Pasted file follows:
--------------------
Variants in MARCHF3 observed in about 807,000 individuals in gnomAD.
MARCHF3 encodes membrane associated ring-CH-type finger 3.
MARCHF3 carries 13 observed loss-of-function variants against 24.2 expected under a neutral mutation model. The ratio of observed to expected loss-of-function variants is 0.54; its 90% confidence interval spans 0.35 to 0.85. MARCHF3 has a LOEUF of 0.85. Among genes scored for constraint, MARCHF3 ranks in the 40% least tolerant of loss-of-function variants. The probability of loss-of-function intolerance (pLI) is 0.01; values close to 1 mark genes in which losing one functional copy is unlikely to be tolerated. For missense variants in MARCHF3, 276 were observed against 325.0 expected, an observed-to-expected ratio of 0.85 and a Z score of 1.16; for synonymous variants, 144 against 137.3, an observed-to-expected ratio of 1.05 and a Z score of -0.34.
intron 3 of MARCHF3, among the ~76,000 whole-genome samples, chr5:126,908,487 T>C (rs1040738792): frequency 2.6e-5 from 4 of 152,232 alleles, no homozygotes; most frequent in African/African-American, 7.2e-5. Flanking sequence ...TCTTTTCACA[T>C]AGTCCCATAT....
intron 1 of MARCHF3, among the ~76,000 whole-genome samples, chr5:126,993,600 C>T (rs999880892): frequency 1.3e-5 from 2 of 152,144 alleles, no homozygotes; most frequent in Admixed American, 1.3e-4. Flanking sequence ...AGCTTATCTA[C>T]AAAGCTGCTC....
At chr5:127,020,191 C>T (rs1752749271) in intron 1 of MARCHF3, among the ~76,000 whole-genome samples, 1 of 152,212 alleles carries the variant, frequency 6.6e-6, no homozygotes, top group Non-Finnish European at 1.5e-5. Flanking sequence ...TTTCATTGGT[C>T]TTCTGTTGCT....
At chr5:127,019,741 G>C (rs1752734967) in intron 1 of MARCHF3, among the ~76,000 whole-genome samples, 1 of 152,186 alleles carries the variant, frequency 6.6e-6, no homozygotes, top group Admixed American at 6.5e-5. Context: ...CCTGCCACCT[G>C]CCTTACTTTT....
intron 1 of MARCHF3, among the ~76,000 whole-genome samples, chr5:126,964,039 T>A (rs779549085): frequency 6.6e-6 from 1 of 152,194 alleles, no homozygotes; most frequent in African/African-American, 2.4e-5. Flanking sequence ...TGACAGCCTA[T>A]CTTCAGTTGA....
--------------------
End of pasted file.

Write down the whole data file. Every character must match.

Variants in MARCHF3 observed in about 807,000 individuals in gnomAD.
MARCHF3 encodes membrane associated ring-CH-type finger 3.
MARCHF3 carries 13 observed loss-of-function variants against 24.2 expected under a neutral mutation model. The ratio of observed to expected loss-of-function variants is 0.54; its 90% confidence interval spans 0.35 to 0.85. MARCHF3 has a LOEUF of 0.85. Among genes scored for constraint, MARCHF3 ranks in the 40% least tolerant of loss-of-function variants. The probability of loss-of-function intolerance (pLI) is 0.01; values close to 1 mark genes in which losing one functional copy is unlikely to be tolerated. For missense variants in MARCHF3, 276 were observed against 325.0 expected, an observed-to-expected ratio of 0.85 and a Z score of 1.16; for synonymous variants, 144 against 137.3, an observed-to-expected ratio of 1.05 and a Z score of -0.34.
intron 3 of MARCHF3, among the ~76,000 whole-genome samples, chr5:126,908,487 T>C (rs1040738792): frequency 2.6e-5 from 4 of 152,232 alleles, no homozygotes; most frequent in African/African-American, 7.2e-5. Flanking sequence ...TCTTTTCACA[T>C]AGTCCCATAT....
intron 1 of MARCHF3, among the ~76,000 whole-genome samples, chr5:126,993,600 C>T (rs999880892): frequency 1.3e-5 from 2 of 152,144 alleles, no homozygotes; most frequent in Admixed American, 1.3e-4. Flanking sequence ...AGCTTATCTA[C>T]AAAGCTGCTC....
At chr5:127,020,191 C>T (rs1752749271) in intron 1 of MARCHF3, among the ~76,000 whole-genome samples, 1 of 152,212 alleles carries the variant, frequency 6.6e-6, no homozygotes, top group Non-Finnish European at 1.5e-5. Flanking sequence ...TTTCATTGGT[C>T]TTCTGTTGCT....
At chr5:127,019,741 G>C (rs1752734967) in intron 1 of MARCHF3, among the ~76,000 whole-genome samples, 1 of 152,186 alleles carries the variant, frequency 6.6e-6, no homozygotes, top group Admixed American at 6.5e-5. Context: ...CCTGCCACCT[G>C]CCTTACTTTT....
intron 1 of MARCHF3, among the ~76,000 whole-genome samples, chr5:126,964,039 T>A (rs779549085): frequency 6.6e-6 from 1 of 152,194 alleles, no homozygotes; most frequent in African/African-American, 2.4e-5. Flanking sequence ...TGACAGCCTA[T>A]CTTCAGTTGA....